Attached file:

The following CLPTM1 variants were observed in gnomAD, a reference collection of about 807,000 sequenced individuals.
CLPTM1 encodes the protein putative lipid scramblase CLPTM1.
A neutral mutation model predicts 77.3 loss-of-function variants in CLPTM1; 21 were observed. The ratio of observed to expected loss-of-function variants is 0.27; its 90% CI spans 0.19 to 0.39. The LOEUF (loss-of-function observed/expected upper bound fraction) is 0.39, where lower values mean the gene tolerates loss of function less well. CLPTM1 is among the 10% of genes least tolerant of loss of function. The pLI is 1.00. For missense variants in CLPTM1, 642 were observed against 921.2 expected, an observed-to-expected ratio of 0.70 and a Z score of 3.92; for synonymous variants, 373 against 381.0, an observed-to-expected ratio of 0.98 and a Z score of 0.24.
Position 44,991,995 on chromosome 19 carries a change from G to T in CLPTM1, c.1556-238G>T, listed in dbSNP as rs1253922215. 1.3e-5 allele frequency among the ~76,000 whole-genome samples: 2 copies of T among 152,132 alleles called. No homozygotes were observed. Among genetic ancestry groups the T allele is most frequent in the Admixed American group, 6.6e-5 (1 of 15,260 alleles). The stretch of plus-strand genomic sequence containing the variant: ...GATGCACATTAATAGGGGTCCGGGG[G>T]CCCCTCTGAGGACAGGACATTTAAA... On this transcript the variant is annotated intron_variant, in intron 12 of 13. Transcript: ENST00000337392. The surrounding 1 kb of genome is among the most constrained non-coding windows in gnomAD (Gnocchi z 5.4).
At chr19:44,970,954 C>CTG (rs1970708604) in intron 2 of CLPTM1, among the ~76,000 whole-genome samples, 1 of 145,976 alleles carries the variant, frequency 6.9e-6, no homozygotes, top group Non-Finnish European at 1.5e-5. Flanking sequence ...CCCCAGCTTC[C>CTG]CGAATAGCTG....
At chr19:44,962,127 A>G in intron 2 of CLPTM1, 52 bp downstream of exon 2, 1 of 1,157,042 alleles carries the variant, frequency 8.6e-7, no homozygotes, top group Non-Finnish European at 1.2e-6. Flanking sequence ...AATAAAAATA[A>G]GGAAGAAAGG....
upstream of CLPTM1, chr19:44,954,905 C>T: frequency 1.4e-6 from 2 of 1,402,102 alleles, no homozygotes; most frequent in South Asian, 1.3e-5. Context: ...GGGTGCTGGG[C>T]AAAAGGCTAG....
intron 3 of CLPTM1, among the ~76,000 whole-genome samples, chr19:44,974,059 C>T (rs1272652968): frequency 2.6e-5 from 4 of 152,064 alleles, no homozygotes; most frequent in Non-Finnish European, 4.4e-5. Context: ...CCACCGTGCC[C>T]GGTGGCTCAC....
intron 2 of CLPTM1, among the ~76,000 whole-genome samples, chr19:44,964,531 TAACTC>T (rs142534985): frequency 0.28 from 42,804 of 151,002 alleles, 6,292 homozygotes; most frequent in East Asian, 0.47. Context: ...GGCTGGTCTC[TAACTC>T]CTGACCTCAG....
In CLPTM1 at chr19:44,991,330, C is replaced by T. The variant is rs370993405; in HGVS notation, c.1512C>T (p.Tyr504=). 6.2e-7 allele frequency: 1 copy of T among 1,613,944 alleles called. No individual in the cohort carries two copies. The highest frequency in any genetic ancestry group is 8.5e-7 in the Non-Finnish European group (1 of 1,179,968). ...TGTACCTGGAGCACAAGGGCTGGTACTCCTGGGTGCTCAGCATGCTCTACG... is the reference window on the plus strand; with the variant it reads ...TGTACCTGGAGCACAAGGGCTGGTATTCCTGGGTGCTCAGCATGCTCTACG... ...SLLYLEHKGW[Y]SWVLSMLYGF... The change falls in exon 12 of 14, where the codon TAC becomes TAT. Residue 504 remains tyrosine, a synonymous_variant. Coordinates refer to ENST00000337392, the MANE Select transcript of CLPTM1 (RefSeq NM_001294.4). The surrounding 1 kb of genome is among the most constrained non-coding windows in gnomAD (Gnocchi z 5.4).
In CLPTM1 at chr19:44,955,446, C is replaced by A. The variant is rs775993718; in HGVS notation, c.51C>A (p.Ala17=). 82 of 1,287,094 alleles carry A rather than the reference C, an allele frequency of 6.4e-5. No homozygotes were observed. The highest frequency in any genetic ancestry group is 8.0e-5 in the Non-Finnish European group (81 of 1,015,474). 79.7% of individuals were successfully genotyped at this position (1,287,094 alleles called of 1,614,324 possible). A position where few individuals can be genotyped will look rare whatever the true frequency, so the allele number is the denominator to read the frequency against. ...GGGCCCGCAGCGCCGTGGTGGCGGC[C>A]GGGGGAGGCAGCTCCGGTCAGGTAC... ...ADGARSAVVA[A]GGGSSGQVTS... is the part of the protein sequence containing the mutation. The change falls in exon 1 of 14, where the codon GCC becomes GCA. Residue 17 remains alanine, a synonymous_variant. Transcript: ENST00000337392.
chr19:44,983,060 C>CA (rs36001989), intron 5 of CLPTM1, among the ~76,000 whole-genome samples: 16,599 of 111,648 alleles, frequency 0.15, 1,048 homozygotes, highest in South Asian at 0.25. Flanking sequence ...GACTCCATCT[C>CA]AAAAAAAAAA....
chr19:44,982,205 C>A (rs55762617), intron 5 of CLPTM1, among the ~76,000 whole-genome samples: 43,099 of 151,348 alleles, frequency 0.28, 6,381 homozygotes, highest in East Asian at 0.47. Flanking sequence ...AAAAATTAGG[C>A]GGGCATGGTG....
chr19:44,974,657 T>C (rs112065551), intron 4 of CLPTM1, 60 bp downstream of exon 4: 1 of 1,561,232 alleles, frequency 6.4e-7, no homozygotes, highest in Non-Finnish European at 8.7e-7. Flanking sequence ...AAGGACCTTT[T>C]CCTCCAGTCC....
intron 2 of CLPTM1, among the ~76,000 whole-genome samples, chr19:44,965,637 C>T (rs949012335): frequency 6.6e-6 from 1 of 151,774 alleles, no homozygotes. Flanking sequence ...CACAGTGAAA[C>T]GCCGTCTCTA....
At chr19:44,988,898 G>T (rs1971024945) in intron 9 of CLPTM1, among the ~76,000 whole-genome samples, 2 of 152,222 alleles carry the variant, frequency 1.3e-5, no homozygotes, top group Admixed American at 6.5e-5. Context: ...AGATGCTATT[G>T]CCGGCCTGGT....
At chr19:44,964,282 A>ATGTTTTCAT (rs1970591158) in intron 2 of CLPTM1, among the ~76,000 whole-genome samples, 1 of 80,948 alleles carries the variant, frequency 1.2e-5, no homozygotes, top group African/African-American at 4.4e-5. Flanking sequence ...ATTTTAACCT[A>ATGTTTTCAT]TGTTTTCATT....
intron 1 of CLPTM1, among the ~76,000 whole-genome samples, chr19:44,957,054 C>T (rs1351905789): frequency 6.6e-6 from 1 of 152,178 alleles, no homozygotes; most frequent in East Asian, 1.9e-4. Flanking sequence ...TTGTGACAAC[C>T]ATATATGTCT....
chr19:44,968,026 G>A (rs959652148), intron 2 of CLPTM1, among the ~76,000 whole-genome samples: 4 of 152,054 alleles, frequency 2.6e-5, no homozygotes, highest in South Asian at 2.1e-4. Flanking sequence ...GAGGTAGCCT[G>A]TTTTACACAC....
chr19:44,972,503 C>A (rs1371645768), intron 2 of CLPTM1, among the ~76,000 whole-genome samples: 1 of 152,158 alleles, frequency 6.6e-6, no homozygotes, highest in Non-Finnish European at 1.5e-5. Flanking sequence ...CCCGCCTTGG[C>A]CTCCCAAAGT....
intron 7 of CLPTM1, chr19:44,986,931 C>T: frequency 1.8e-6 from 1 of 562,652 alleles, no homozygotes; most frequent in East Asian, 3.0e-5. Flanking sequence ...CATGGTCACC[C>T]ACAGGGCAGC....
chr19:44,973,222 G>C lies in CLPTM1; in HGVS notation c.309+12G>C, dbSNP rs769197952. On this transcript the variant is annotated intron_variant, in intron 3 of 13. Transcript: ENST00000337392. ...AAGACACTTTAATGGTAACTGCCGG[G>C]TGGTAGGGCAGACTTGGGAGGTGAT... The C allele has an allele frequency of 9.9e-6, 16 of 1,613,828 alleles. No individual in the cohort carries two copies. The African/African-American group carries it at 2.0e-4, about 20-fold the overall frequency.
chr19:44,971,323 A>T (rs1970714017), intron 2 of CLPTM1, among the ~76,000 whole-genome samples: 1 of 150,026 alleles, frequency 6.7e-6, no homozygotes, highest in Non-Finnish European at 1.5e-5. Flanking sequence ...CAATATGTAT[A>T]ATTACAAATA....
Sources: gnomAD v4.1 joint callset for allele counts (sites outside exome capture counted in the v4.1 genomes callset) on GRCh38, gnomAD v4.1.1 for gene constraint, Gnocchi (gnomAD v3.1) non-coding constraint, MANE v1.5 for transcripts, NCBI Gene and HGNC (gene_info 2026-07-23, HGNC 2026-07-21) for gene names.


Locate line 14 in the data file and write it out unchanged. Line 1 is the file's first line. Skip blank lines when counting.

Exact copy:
chr19:44,974,657 T>C (rs112065551), intron 4 of CLPTM1, 60 bp downstream of exon 4: 1 of 1,561,232 alleles, frequency 6.4e-7, no homozygotes, highest in Non-Finnish European at 8.7e-7. Flanking sequence ...AAGGACCTTT[T>C]CCTCCAGTCC....